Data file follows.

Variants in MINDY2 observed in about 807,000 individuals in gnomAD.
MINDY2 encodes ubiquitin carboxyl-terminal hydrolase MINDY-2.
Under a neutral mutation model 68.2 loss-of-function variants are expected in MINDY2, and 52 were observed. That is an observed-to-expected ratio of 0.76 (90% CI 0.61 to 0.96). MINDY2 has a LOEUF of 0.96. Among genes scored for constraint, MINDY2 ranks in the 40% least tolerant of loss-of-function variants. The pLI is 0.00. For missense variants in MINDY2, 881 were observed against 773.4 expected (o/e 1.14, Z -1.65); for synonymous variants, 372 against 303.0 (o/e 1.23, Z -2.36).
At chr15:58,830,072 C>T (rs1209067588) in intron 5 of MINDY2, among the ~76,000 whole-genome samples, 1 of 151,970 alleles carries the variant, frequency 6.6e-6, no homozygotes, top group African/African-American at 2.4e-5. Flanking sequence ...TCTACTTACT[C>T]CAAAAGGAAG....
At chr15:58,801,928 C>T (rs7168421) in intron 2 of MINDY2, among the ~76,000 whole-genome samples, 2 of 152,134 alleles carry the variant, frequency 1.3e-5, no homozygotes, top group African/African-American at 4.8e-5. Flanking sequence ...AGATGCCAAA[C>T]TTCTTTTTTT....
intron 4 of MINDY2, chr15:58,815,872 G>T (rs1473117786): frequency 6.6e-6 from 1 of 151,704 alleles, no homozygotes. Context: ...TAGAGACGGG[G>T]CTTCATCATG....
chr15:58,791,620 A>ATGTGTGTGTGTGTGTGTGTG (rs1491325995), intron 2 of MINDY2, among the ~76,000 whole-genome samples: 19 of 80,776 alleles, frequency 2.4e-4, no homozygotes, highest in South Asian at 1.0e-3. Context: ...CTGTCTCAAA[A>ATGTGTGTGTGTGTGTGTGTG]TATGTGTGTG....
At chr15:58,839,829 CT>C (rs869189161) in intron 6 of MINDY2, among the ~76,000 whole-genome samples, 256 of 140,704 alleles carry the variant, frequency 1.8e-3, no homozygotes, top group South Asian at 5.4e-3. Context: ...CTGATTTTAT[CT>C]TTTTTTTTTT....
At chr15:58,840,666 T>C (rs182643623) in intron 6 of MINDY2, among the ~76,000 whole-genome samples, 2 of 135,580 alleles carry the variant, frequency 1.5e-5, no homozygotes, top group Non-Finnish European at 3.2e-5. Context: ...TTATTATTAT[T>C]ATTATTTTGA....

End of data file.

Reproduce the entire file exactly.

Variants in MINDY2 observed in about 807,000 individuals in gnomAD.
MINDY2 encodes ubiquitin carboxyl-terminal hydrolase MINDY-2.
Under a neutral mutation model 68.2 loss-of-function variants are expected in MINDY2, and 52 were observed. That is an observed-to-expected ratio of 0.76 (90% CI 0.61 to 0.96). MINDY2 has a LOEUF of 0.96. Among genes scored for constraint, MINDY2 ranks in the 40% least tolerant of loss-of-function variants. The pLI is 0.00. For missense variants in MINDY2, 881 were observed against 773.4 expected (o/e 1.14, Z -1.65); for synonymous variants, 372 against 303.0 (o/e 1.23, Z -2.36).
At chr15:58,830,072 C>T (rs1209067588) in intron 5 of MINDY2, among the ~76,000 whole-genome samples, 1 of 151,970 alleles carries the variant, frequency 6.6e-6, no homozygotes, top group African/African-American at 2.4e-5. Flanking sequence ...TCTACTTACT[C>T]CAAAAGGAAG....
At chr15:58,801,928 C>T (rs7168421) in intron 2 of MINDY2, among the ~76,000 whole-genome samples, 2 of 152,134 alleles carry the variant, frequency 1.3e-5, no homozygotes, top group African/African-American at 4.8e-5. Flanking sequence ...AGATGCCAAA[C>T]TTCTTTTTTT....
intron 4 of MINDY2, chr15:58,815,872 G>T (rs1473117786): frequency 6.6e-6 from 1 of 151,704 alleles, no homozygotes. Context: ...TAGAGACGGG[G>T]CTTCATCATG....
chr15:58,791,620 A>ATGTGTGTGTGTGTGTGTGTG (rs1491325995), intron 2 of MINDY2, among the ~76,000 whole-genome samples: 19 of 80,776 alleles, frequency 2.4e-4, no homozygotes, highest in South Asian at 1.0e-3. Context: ...CTGTCTCAAA[A>ATGTGTGTGTGTGTGTGTGTG]TATGTGTGTG....
At chr15:58,839,829 CT>C (rs869189161) in intron 6 of MINDY2, among the ~76,000 whole-genome samples, 256 of 140,704 alleles carry the variant, frequency 1.8e-3, no homozygotes, top group South Asian at 5.4e-3. Context: ...CTGATTTTAT[CT>C]TTTTTTTTTT....
At chr15:58,840,666 T>C (rs182643623) in intron 6 of MINDY2, among the ~76,000 whole-genome samples, 2 of 135,580 alleles carry the variant, frequency 1.5e-5, no homozygotes, top group Non-Finnish European at 3.2e-5. Context: ...TTATTATTAT[T>C]ATTATTTTGA....